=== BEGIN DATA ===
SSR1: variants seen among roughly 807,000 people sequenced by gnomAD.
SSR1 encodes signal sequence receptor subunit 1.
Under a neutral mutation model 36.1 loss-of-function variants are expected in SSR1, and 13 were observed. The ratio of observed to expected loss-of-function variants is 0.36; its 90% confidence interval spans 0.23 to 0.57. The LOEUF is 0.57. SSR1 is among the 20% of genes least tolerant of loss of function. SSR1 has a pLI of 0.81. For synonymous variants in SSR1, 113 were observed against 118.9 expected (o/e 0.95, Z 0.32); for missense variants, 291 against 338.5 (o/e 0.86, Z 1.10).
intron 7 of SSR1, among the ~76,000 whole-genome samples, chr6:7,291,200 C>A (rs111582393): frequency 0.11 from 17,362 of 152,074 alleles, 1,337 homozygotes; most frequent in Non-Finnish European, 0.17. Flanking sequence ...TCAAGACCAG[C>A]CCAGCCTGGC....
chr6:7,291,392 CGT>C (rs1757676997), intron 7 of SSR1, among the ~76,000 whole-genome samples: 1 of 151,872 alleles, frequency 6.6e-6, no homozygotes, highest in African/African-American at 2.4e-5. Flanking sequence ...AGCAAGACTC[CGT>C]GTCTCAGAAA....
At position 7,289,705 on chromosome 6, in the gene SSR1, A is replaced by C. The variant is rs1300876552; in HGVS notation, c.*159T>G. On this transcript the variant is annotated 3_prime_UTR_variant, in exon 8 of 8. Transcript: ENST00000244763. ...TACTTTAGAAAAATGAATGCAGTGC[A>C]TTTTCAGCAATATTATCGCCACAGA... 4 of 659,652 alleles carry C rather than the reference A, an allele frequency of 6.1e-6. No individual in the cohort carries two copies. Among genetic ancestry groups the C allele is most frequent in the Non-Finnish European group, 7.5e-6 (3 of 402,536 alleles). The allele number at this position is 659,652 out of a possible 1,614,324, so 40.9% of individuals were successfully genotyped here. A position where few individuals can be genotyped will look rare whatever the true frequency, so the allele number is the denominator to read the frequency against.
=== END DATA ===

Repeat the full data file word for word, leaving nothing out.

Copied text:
SSR1: variants seen among roughly 807,000 people sequenced by gnomAD.
SSR1 encodes signal sequence receptor subunit 1.
Under a neutral mutation model 36.1 loss-of-function variants are expected in SSR1, and 13 were observed. The ratio of observed to expected loss-of-function variants is 0.36; its 90% confidence interval spans 0.23 to 0.57. The LOEUF is 0.57. SSR1 is among the 20% of genes least tolerant of loss of function. SSR1 has a pLI of 0.81. For synonymous variants in SSR1, 113 were observed against 118.9 expected (o/e 0.95, Z 0.32); for missense variants, 291 against 338.5 (o/e 0.86, Z 1.10).
intron 7 of SSR1, among the ~76,000 whole-genome samples, chr6:7,291,200 C>A (rs111582393): frequency 0.11 from 17,362 of 152,074 alleles, 1,337 homozygotes; most frequent in Non-Finnish European, 0.17. Flanking sequence ...TCAAGACCAG[C>A]CCAGCCTGGC....
chr6:7,291,392 CGT>C (rs1757676997), intron 7 of SSR1, among the ~76,000 whole-genome samples: 1 of 151,872 alleles, frequency 6.6e-6, no homozygotes, highest in African/African-American at 2.4e-5. Flanking sequence ...AGCAAGACTC[CGT>C]GTCTCAGAAA....
At position 7,289,705 on chromosome 6, in the gene SSR1, A is replaced by C. The variant is rs1300876552; in HGVS notation, c.*159T>G. On this transcript the variant is annotated 3_prime_UTR_variant, in exon 8 of 8. Transcript: ENST00000244763. ...TACTTTAGAAAAATGAATGCAGTGC[A>C]TTTTCAGCAATATTATCGCCACAGA... 4 of 659,652 alleles carry C rather than the reference A, an allele frequency of 6.1e-6. No individual in the cohort carries two copies. Among genetic ancestry groups the C allele is most frequent in the Non-Finnish European group, 7.5e-6 (3 of 402,536 alleles). The allele number at this position is 659,652 out of a possible 1,614,324, so 40.9% of individuals were successfully genotyped here. A position where few individuals can be genotyped will look rare whatever the true frequency, so the allele number is the denominator to read the frequency against.